If You Need a Reason to Get Excited About Technology Again, This Is It

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Early Monday morning, the 33-year-old version of me watched live as NASA engineers cheered, hugged and patted each other on the back. The Curiosity rover had landed safely on Mars and I was awake at close to 2am on a weeknight—two things that don’t happen very often.

As Curiosity was descending, a phenomenal event took place: One spacecraft snapped a photo of another spacecraft as it hurtled toward the surface of a far-away planet. The amazing image (shown above) is remarkably clear given what had to be done to capture it.

(MORE: An Inside Look at the Mars Curiosity Rover)

Here’s a stop-motion video of Curiosity’s landing, too, which is also amazing:

Working in the technology industry is the best and worst thing you can do if you love technology. The positives far outweigh the negatives, in my opinion, but there’s no denying that once you’ve seen how the sausage is made–over and over and over again—the stuff you used to get excited about doesn’t really give you the same rush it once did.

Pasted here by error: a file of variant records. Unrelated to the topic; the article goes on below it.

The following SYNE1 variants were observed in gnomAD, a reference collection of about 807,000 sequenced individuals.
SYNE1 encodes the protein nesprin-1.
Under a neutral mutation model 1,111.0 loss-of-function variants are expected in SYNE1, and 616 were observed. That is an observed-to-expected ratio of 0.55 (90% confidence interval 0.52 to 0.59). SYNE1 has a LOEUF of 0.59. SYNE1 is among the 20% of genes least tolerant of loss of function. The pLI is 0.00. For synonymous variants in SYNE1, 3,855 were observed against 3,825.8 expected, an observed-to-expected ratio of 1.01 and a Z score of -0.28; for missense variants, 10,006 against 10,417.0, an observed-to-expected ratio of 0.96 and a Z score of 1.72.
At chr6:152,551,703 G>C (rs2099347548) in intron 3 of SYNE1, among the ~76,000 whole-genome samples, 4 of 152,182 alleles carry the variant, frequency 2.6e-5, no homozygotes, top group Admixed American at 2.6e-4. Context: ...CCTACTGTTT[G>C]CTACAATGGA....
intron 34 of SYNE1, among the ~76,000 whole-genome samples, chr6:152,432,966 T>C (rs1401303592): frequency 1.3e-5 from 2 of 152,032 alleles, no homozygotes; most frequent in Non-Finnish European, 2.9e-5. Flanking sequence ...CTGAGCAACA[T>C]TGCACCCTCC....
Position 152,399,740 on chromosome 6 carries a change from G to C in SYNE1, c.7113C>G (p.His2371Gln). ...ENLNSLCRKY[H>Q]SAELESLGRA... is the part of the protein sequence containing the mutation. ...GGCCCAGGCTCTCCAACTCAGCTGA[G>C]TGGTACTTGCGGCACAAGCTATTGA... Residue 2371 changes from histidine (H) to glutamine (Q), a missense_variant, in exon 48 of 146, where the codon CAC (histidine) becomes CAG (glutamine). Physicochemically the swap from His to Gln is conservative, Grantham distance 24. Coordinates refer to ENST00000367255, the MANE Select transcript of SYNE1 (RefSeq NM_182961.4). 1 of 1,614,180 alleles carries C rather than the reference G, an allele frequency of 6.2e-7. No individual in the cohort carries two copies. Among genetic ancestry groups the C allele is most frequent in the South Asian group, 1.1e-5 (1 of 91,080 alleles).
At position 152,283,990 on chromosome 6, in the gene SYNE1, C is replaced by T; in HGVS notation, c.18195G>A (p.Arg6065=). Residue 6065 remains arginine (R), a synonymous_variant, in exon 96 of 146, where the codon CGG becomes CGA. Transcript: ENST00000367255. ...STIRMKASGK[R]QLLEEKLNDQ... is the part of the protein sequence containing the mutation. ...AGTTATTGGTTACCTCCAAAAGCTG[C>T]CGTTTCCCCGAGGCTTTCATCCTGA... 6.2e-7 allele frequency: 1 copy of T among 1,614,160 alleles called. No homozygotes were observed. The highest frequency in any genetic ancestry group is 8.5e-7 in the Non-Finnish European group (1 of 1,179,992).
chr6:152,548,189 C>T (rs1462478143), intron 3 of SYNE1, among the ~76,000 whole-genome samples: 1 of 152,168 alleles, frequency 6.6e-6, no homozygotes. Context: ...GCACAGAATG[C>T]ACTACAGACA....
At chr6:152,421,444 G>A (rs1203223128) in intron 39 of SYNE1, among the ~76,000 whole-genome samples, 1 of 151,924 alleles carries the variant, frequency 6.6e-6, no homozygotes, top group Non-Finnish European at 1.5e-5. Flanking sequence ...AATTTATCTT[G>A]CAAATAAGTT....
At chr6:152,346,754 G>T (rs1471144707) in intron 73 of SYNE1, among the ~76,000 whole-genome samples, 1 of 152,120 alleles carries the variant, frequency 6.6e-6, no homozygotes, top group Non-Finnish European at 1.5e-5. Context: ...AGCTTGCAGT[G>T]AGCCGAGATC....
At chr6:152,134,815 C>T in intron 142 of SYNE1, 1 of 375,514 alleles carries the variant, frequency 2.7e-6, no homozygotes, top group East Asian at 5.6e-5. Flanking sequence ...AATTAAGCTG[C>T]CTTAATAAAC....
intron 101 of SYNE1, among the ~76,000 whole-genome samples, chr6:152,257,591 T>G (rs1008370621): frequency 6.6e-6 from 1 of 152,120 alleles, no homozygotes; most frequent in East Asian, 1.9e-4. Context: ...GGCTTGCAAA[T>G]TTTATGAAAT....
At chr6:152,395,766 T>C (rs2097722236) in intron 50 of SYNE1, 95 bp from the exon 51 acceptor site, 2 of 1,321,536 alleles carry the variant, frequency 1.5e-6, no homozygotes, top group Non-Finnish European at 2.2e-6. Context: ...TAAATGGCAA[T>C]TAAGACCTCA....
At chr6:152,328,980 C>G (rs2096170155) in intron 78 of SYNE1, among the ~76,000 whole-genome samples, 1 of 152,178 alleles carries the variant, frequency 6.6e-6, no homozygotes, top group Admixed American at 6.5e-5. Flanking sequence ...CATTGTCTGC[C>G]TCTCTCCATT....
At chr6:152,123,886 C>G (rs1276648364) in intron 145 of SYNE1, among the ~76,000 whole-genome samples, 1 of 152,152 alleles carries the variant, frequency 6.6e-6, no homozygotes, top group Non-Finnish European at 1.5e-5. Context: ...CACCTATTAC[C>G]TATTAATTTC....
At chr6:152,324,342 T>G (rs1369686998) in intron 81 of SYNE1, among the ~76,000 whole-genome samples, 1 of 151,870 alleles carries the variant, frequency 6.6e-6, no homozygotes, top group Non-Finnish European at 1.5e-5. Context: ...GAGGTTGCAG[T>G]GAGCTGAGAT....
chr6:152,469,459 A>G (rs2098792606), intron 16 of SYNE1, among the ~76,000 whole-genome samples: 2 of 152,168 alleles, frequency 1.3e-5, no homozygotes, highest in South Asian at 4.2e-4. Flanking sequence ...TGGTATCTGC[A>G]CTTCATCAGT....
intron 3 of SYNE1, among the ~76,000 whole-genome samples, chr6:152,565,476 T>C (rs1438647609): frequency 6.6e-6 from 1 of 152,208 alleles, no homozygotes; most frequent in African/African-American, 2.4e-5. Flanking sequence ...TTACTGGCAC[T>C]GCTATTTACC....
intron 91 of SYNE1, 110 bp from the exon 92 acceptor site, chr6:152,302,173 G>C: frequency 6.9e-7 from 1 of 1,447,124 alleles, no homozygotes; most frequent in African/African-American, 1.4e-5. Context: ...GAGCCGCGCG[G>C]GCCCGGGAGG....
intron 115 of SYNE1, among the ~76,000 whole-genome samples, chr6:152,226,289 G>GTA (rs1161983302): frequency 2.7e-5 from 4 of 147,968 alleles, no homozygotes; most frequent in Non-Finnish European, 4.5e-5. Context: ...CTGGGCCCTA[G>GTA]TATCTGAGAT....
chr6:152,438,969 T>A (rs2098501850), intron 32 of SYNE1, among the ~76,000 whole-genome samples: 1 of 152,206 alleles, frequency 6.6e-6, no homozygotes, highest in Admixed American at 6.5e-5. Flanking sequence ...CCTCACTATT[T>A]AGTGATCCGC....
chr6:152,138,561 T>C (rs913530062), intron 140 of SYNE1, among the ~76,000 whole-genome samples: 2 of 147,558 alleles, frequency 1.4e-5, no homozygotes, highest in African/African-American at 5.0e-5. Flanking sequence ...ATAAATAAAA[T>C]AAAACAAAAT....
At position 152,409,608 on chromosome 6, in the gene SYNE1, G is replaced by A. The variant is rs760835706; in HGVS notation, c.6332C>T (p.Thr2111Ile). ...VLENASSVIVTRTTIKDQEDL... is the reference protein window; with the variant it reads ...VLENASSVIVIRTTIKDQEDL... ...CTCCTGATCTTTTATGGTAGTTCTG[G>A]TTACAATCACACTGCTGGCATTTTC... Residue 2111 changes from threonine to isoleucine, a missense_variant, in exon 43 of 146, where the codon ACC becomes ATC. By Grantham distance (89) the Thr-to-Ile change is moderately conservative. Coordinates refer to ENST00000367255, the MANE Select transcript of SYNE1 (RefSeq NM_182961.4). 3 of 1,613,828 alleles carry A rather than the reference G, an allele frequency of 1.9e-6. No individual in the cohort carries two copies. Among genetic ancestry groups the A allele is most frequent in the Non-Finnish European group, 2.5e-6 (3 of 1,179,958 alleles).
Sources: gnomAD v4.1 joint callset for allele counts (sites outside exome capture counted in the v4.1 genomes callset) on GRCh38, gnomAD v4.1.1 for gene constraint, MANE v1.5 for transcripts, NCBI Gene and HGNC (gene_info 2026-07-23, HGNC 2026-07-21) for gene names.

New laptops? Awesome. There will be new laptops in a few months, though. And then new ones a few months after that. Same goes for tablets and phones and almost everything else. Incremental upgrades, planned obsolescence and overuse of the word “revolutionary” are all par for the course, and they’re all things I never used to notice when I was just a guy who loved gadgets.

Don’t get me wrong, I still love gadgets. And I’m fully aware that the 14-year-old version of myself—had he known that he’d grow up to have a job where he played with gadgets for a living—would kick 33-year-old Doug two feet north of the shins if he knew I’d ever complain about it.